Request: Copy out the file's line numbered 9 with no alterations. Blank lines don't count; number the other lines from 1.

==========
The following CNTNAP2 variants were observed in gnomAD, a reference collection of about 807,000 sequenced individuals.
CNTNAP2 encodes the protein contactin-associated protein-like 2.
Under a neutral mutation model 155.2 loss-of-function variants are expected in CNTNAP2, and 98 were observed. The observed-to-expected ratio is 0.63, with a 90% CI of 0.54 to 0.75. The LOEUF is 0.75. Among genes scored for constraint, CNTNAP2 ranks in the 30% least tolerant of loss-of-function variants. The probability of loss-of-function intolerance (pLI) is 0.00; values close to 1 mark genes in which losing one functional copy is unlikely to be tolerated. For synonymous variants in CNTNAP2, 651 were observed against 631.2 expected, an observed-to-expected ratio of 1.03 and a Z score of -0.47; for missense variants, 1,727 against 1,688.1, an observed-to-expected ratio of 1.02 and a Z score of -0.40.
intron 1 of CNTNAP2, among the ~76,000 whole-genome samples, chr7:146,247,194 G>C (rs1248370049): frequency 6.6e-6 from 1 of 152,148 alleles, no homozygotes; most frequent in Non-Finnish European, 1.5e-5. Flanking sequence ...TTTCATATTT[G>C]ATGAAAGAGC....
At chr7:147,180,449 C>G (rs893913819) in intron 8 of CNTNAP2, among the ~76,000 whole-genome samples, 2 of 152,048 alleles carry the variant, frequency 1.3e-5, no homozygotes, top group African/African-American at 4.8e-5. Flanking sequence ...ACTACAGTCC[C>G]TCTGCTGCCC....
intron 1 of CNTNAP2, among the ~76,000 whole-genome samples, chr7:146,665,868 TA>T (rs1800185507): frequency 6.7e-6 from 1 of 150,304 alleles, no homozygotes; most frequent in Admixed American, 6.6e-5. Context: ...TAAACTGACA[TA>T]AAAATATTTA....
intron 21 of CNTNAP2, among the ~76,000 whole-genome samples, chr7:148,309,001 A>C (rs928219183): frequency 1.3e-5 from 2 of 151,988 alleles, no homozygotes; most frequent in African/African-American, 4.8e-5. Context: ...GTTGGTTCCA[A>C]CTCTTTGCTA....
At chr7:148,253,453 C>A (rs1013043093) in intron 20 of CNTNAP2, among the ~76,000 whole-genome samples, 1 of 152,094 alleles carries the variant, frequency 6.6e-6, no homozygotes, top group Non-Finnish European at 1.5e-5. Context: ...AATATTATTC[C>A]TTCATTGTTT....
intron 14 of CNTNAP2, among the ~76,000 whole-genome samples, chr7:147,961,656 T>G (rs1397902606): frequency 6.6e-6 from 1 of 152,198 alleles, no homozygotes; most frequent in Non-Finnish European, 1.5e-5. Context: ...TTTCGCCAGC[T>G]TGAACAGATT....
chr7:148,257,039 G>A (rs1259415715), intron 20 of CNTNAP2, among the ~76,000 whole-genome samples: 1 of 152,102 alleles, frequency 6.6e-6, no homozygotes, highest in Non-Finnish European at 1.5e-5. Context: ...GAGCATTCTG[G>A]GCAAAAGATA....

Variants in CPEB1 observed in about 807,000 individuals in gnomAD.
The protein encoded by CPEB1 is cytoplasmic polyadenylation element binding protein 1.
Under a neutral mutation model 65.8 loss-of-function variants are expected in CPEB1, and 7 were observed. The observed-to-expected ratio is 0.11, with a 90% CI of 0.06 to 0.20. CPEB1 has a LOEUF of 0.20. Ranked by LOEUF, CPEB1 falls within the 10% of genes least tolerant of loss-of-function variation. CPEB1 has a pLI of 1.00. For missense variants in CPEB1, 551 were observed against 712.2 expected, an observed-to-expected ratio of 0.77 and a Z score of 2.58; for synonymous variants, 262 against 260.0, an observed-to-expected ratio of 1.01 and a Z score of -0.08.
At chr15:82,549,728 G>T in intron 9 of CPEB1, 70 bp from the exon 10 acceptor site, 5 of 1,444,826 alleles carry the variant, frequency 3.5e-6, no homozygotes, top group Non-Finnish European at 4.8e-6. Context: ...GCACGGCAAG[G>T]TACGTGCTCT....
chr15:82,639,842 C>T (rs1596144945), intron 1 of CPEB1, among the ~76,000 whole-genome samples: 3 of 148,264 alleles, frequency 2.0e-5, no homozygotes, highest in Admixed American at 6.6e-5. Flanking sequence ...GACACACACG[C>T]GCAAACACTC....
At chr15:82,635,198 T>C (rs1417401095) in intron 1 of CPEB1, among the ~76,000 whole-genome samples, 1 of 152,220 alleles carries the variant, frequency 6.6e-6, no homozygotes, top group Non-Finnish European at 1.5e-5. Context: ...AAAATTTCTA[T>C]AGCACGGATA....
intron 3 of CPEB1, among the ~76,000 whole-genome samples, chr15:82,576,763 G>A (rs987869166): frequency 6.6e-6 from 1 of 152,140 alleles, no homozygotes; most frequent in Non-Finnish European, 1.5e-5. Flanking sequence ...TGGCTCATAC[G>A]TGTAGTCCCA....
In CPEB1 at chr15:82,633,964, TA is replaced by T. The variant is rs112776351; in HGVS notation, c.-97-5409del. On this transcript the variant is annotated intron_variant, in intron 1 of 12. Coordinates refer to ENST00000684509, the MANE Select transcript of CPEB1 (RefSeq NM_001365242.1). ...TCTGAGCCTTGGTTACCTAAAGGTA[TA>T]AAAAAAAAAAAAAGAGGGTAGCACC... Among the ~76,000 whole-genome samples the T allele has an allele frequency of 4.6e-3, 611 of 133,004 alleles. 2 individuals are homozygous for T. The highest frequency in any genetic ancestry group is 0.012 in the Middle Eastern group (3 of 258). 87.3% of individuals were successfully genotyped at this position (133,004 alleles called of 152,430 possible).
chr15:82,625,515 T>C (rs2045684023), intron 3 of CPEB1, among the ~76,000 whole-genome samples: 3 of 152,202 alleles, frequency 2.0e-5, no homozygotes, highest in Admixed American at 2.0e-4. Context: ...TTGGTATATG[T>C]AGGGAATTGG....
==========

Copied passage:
intron 14 of CNTNAP2, among the ~76,000 whole-genome samples, chr7:147,961,656 T>G (rs1397902606): frequency 6.6e-6 from 1 of 152,198 alleles, no homozygotes; most frequent in Non-Finnish European, 1.5e-5. Context: ...TTTCGCCAGC[T>G]TGAACAGATT....